How does it work . . .

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Bilge pumps are cheap and very effective for quickly removing a large volume of bilge water. Kind of like an Arnold Schwarzenegger solution to a very small problem, as the vast majority of boats pocket very small amounts of water at several different locations. Whether it’s a rubber lobe, a centrifugal or a diaphragm bilge pump, they all have a couple of things in common: They pump water, but are not designed to move air with the water. So, their efficiency drops dramatically, once air touches the pump. Obviously, they are not able to remove all of the water, therefore, the average pump will leave about one inch of water behind, when it cycles off. This is how they are designed and there is nothing wrong with your bilge pump, so don’t complain that there’s some water left as the bilge pump manufacturers will tell you that this is normal. The general rule seems to be that the larger the pump, the faster the flow, but this results in higher levels of residual bilge water. The smaller the pump, the slower the flow, with generally less residual water. Bilge pumps are best described as a safety product because they are able to maintain vessel trim and floatation, in the event of a failure that allows water to flood into your bilges. Every boat needs at least one operational pump on board before leaving the dock.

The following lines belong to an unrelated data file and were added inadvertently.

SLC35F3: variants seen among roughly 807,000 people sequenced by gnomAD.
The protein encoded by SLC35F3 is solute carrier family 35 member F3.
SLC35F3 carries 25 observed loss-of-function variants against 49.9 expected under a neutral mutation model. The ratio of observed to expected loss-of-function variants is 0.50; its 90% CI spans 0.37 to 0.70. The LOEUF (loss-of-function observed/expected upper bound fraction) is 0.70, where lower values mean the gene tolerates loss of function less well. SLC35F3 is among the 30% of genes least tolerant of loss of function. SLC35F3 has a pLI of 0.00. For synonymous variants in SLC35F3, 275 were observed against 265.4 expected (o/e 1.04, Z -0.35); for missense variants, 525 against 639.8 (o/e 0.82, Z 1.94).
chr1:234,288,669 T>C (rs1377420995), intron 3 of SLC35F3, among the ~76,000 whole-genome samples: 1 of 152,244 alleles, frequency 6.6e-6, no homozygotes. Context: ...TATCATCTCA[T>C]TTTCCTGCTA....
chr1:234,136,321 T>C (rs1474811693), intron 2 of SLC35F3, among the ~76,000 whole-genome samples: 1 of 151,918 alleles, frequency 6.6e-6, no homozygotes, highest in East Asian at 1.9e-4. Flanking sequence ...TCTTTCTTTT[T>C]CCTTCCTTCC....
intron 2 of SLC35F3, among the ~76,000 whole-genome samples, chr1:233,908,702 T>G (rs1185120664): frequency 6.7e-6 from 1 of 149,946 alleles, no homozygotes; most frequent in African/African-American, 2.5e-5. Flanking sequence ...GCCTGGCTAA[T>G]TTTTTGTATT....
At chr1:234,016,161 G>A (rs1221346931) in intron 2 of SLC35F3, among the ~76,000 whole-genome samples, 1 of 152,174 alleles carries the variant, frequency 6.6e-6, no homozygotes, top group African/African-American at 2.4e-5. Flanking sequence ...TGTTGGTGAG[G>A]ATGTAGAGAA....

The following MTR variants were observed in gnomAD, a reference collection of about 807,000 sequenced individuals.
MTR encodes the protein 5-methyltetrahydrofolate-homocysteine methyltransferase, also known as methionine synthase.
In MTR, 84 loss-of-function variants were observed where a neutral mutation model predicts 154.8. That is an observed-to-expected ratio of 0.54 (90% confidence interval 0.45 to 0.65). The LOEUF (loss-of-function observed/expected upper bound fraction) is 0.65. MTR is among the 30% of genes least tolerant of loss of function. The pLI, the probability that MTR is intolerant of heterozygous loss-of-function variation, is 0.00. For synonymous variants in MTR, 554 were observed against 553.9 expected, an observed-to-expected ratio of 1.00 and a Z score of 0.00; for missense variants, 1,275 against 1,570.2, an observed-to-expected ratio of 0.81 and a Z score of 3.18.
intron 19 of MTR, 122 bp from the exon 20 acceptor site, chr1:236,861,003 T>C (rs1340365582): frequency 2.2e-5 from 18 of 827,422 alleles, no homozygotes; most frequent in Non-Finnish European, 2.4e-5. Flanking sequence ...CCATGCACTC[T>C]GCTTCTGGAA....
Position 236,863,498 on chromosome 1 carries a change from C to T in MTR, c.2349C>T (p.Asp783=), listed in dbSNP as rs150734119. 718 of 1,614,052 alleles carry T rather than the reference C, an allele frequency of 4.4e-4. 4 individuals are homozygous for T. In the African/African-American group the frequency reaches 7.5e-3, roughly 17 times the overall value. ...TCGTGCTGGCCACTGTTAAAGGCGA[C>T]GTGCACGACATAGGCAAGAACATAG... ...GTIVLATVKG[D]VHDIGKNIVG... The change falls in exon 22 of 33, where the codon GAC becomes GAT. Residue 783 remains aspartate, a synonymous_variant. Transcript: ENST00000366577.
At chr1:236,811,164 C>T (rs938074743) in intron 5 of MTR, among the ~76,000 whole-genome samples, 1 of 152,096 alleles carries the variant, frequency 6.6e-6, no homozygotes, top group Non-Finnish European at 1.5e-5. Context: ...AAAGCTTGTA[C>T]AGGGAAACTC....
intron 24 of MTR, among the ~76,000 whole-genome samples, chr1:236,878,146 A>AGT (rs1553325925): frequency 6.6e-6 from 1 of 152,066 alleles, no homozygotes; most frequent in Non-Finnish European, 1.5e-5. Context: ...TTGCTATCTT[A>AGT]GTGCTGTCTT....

The Arid Bilge System, on the other hand, removes water slower than a traditional bilge pump. It is correctly designed and sized for the average daily bilge water that finds its way into the vessel.

Why: Instead of pumping the water, it suctions the liquids, similar to the common wet vac. The Arid Bilge vacuums residual bilge water with negative air pressure, and continues to pull the water even as air starts to move through the intake tubes. This system even pulls drops of H2O, bringing the bilge water level down to a sheen that evaporates completely dry within 20 minutes. The Arid Bilge pick-up sucker acts like a weighted filtered sponge, absorbing all of the remaining water down to nothing, directing it to the small capillary intake tubing for the trip to the central Arid Bilge unit, where the thinking is done inside the box. Here, the traditional float switch has been replaced with a pair of vacuum switches. These virtual float switches that never touch water, allow the microprocessor to sense the resistance created by the water, which is being pulled through the 20 foot minimum length of intake tubing. Once air is suctioned through the intake tubing, the resistance falls and the system will pause on that zone (or zones) for three hours, before resuming. If a larger volume of water suddenly enters the compartment within the rest cycle, the standard bilge pumps are there to prevent a more serious problem. The longevity of the Arid Bilge System, which uses mere milliamps, is enhanced by the fact that water never travels through the system’s vacuum pump, and never comes in contact with the virtual float (vacuum) switches. This is the right tool for the job, if you want 100% dusty dry bilges.